Apparently I am stingy, because I feel that intangible ebooks should be cheaper than tangible, second-hand paperbacks. This means that much of my Kindle reading involves free or cheap files filled with long-forgotten fiction of the Nineteenth and early Twentieth Centuries. Most of it was forgotten for a reason.
Oh, my gosh. So… much… melodrama. The “Greatest Mystery Collection, Volume 2” contain gems like this: Imagine a mystery novel in which it turns out that the victim, a philanthropic and lovely older woman, actually stabbed herself in the heart. This was because she saw her adult son burst into her house (he didn’t know that she was his mother—all of her previous babies had died under what she felt was a curse, so she gave him to another woman to adopt in order to save his life, and herself took that other woman’s dead infant in exchange so that the other woman’s husband would think the babe was his). She is convinced, from the wild eyes of her unfortunately somewhat disreputable but handsome son, that he intends to rob her of the large sum of money which is concealed in her cupboard. In order to save him from committing such a vile deed and thereby descending along the path of wickedness, she stabs herself. Motherlove! When all is revealed and he is finally acquitted of having murdered her (apparently she forgot to think about the legal issues surrounding her noble deed), he honors her forever and goes every year to weep upon her grave. The text even tells us that she is the only woman whose memory is more dear to him than his love for his lovely young wife, and the wife is apparently totally OK with this. I could go on, but this gives you an idea of the style of Agatha Webb by Anna Katherine Green.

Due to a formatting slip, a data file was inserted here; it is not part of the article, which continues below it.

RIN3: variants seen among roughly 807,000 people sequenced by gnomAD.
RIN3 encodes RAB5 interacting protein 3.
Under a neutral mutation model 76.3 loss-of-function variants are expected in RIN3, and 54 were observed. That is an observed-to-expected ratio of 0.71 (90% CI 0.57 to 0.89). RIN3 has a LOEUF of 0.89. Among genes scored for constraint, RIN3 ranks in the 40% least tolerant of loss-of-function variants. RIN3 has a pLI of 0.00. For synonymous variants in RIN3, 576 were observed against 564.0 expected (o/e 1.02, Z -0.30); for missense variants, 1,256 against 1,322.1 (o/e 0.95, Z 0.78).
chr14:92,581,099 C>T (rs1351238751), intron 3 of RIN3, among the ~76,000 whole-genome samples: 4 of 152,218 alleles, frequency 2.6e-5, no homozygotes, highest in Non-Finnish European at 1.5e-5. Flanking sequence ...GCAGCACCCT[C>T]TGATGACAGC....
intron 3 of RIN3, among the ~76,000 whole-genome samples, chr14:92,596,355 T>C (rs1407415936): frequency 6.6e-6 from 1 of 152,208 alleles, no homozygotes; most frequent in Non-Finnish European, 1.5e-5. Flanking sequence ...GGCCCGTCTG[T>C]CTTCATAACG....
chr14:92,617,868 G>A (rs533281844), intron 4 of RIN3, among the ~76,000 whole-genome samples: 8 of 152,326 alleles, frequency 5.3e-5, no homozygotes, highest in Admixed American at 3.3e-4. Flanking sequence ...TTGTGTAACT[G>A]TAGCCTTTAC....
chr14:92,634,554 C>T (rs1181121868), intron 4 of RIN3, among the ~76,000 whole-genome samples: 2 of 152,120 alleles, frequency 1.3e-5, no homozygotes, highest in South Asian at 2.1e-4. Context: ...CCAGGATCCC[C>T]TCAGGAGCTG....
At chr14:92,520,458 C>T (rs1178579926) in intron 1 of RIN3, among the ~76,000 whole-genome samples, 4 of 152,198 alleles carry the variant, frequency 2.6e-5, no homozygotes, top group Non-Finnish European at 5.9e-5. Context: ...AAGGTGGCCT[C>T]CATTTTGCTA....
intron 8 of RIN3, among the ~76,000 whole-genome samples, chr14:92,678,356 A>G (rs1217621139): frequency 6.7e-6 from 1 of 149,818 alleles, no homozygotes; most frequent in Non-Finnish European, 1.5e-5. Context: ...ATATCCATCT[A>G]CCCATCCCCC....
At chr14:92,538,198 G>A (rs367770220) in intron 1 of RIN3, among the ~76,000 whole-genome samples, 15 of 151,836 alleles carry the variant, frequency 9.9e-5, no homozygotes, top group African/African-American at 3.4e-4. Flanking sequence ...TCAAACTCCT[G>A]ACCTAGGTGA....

Such books appear at first glance to be the antithesis of modern feelings about gender roles, romance, and correct behavior. It is easy to read this stuff and be glad that modernism brought us out of the age of swooning and sentimentality. However, I have a sneaking suspicion that we are not as different from the Victorians and their Edwardian children as we think we are.